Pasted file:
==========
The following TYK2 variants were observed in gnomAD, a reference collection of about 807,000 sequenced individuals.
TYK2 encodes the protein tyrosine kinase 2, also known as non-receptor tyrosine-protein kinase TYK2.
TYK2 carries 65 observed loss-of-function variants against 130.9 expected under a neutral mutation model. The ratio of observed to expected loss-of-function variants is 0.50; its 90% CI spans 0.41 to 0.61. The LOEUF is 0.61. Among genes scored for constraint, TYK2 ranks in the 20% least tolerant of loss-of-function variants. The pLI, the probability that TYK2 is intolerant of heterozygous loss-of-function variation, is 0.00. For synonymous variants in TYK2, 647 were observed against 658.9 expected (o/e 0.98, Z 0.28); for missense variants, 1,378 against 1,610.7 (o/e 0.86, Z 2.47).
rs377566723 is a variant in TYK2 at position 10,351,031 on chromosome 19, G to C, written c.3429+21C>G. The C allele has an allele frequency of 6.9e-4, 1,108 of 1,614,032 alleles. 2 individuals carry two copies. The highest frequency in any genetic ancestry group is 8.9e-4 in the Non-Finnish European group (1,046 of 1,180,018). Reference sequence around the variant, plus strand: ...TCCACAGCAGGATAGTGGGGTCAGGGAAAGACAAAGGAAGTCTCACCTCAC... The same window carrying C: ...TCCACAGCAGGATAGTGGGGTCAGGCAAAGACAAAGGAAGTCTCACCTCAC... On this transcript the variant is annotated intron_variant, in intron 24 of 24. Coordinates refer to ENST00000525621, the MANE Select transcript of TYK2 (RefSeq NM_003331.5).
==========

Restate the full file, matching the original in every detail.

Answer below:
The following TYK2 variants were observed in gnomAD, a reference collection of about 807,000 sequenced individuals.
TYK2 encodes the protein tyrosine kinase 2, also known as non-receptor tyrosine-protein kinase TYK2.
TYK2 carries 65 observed loss-of-function variants against 130.9 expected under a neutral mutation model. The ratio of observed to expected loss-of-function variants is 0.50; its 90% CI spans 0.41 to 0.61. The LOEUF is 0.61. Among genes scored for constraint, TYK2 ranks in the 20% least tolerant of loss-of-function variants. The pLI, the probability that TYK2 is intolerant of heterozygous loss-of-function variation, is 0.00. For synonymous variants in TYK2, 647 were observed against 658.9 expected (o/e 0.98, Z 0.28); for missense variants, 1,378 against 1,610.7 (o/e 0.86, Z 2.47).
rs377566723 is a variant in TYK2 at position 10,351,031 on chromosome 19, G to C, written c.3429+21C>G. The C allele has an allele frequency of 6.9e-4, 1,108 of 1,614,032 alleles. 2 individuals carry two copies. The highest frequency in any genetic ancestry group is 8.9e-4 in the Non-Finnish European group (1,046 of 1,180,018). Reference sequence around the variant, plus strand: ...TCCACAGCAGGATAGTGGGGTCAGGGAAAGACAAAGGAAGTCTCACCTCAC... The same window carrying C: ...TCCACAGCAGGATAGTGGGGTCAGGCAAAGACAAAGGAAGTCTCACCTCAC... On this transcript the variant is annotated intron_variant, in intron 24 of 24. Coordinates refer to ENST00000525621, the MANE Select transcript of TYK2 (RefSeq NM_003331.5).